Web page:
If you’ve got something to say, say it now.
The world is contracting into conservative populism and freedom of expression is in the gun site. Trump idly suggests shutting down the internet or incarceration for flag burning, and legislators in Kenya and South Africa kick gleefully into high gear.
Stalled legislation in both countries to curtail the press and freedom of speech is moving forward, again.
In Kenya the Cyber Security and Protection Bill was tabled in July with little hope of passage. Coincidentally or otherwise to the Trump phenomenon support for the bill has grown anew despite media opposition.
The current South African government still teeters on legitimacy because of the growing scandals of President Jacob Zuma. Yet it recently pushed for a “hate speech” law that if enacted would likely censor some of the country’s most famous commentators and cartoonists while pointedly making it a serious crime to “criticize the president.”
Zuma and clan are trying to fast track the legislation to avoid any more public comment. They obviously think the time is right.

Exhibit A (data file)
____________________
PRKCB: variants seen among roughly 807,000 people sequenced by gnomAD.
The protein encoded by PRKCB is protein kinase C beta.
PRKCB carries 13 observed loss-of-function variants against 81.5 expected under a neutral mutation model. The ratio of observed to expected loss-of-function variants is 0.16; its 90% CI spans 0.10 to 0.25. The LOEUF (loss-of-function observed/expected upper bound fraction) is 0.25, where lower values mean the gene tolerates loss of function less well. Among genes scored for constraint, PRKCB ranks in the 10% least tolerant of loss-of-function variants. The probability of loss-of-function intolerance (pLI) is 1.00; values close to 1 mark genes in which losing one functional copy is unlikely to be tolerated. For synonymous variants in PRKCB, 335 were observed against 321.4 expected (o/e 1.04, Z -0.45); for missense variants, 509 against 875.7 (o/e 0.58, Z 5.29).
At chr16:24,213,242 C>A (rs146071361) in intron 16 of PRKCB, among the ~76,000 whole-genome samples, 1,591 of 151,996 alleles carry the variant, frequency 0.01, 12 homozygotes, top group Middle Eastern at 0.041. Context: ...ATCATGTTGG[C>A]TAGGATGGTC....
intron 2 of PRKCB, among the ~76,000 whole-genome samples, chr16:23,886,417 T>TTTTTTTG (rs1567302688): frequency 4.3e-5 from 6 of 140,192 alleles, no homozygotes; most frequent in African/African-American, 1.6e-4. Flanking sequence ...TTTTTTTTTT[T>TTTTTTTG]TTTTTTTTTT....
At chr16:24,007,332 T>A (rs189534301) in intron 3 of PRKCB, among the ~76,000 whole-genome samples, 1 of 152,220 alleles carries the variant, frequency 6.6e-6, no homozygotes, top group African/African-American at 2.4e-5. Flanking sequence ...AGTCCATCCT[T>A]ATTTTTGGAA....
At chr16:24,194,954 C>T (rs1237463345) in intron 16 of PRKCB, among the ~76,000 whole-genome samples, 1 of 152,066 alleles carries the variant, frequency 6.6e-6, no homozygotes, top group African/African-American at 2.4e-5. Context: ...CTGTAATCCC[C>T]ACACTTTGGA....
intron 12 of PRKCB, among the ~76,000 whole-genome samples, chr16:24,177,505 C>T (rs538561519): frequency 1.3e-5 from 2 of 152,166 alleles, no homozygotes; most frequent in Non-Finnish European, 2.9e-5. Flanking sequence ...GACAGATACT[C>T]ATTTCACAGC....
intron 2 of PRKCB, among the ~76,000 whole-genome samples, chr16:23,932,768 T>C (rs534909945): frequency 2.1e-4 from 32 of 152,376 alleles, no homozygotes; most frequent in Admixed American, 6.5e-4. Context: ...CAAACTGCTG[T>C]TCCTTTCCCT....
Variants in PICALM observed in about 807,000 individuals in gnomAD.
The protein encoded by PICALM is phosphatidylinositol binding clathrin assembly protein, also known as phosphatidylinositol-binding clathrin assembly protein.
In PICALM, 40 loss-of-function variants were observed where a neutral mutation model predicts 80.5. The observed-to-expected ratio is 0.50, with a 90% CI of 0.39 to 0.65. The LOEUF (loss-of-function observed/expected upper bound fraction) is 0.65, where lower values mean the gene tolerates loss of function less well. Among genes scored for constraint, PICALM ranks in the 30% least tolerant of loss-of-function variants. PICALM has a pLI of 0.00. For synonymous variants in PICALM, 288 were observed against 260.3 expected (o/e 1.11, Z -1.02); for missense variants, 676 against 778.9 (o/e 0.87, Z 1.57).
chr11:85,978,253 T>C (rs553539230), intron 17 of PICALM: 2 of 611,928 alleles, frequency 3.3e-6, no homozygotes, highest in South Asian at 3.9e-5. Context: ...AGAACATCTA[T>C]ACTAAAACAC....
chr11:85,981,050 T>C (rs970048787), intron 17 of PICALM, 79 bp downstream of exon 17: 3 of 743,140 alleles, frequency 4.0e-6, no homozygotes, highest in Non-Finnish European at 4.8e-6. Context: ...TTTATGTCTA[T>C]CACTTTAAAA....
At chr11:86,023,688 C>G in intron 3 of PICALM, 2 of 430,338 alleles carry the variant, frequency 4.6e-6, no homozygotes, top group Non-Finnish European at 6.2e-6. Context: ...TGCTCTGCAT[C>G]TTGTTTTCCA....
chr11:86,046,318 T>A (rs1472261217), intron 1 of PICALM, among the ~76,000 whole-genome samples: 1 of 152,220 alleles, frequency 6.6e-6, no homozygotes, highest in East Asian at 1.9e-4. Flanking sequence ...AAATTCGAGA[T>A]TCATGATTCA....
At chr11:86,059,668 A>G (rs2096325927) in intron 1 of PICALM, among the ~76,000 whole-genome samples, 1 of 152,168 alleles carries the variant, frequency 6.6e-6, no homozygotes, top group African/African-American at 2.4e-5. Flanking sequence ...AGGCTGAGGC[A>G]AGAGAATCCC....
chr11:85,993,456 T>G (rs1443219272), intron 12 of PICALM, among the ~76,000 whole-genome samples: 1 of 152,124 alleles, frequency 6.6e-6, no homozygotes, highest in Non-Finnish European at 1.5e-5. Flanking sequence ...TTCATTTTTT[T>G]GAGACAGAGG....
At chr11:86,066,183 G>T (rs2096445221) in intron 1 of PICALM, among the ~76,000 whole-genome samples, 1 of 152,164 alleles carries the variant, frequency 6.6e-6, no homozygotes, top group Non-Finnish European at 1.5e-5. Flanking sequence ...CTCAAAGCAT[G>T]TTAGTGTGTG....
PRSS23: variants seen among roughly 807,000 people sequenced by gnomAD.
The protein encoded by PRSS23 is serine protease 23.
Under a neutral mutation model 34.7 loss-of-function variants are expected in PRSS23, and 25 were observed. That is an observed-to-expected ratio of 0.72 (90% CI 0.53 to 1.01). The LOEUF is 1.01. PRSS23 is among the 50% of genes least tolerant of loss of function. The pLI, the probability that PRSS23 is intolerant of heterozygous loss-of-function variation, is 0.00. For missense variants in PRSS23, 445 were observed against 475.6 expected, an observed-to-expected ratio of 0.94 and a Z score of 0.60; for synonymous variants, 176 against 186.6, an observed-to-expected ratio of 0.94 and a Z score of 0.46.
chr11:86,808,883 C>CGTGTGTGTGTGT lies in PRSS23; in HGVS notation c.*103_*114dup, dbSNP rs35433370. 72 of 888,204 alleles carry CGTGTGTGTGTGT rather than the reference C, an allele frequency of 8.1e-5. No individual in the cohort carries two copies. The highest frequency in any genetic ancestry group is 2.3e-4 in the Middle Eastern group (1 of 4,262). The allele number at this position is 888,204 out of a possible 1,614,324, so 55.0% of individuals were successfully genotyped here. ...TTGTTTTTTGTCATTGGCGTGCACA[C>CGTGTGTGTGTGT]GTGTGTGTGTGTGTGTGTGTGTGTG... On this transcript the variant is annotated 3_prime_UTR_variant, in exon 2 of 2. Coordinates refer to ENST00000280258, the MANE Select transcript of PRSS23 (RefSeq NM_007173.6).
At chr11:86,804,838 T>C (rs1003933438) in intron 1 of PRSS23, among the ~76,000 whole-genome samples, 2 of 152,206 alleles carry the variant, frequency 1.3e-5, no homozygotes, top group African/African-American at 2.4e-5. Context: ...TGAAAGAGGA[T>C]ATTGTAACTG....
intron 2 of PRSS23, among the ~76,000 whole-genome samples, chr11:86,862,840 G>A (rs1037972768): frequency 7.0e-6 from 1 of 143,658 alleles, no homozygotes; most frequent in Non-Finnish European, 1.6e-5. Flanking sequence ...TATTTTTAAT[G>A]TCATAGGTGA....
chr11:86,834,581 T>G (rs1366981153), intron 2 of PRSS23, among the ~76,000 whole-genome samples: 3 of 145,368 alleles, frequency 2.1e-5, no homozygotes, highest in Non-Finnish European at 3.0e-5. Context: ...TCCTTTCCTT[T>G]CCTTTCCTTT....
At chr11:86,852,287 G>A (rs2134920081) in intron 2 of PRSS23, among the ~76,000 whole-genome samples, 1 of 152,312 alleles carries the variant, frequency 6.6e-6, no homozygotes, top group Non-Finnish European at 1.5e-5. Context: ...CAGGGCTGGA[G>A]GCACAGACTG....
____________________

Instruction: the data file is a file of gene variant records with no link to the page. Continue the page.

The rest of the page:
Of course it isn’t just Africa. Zapiro (the critical South African cartoonist) has counterparts worldwide, for example in Malaysia where a reaction to Trumpism may result in greater Muslim protection including criminalizing speaking against it.
Fidel was the champion of press censorship, and a number of imperiled world leaders and businesses seem to be celebrating his grand memorials. In an about face as part of Facebook’s self-reactionary response to criticism it contributed to fake news, the behemoth has agreed to consider censorship in order to be allowed to function in China.
Here in America where it all seemed to come to a head with the Trump election, parts of our own society are now replicating what African dictators routinely encourage: extra-legal groups, clubs, militias that defy the law but aren’t prosecuted provided they prop up the regime:
The “Professor’s Watchlist” is an absolutely terrifying organization undoubtedly encouraged if not outright assisted by America’s new alt-right. This new form of McCarthyism demonstrates how quickly and how far America has sunk already.
My hope is with Africa. Somehow the struggle in America for what is obviously right seems more difficult. Although beset with much of the same populist ethos, African societies are still young and vigorous. Watch those particular battles in Kenya and South Africa for freedom of expression.
If they prevail, we might take our marching orders from them.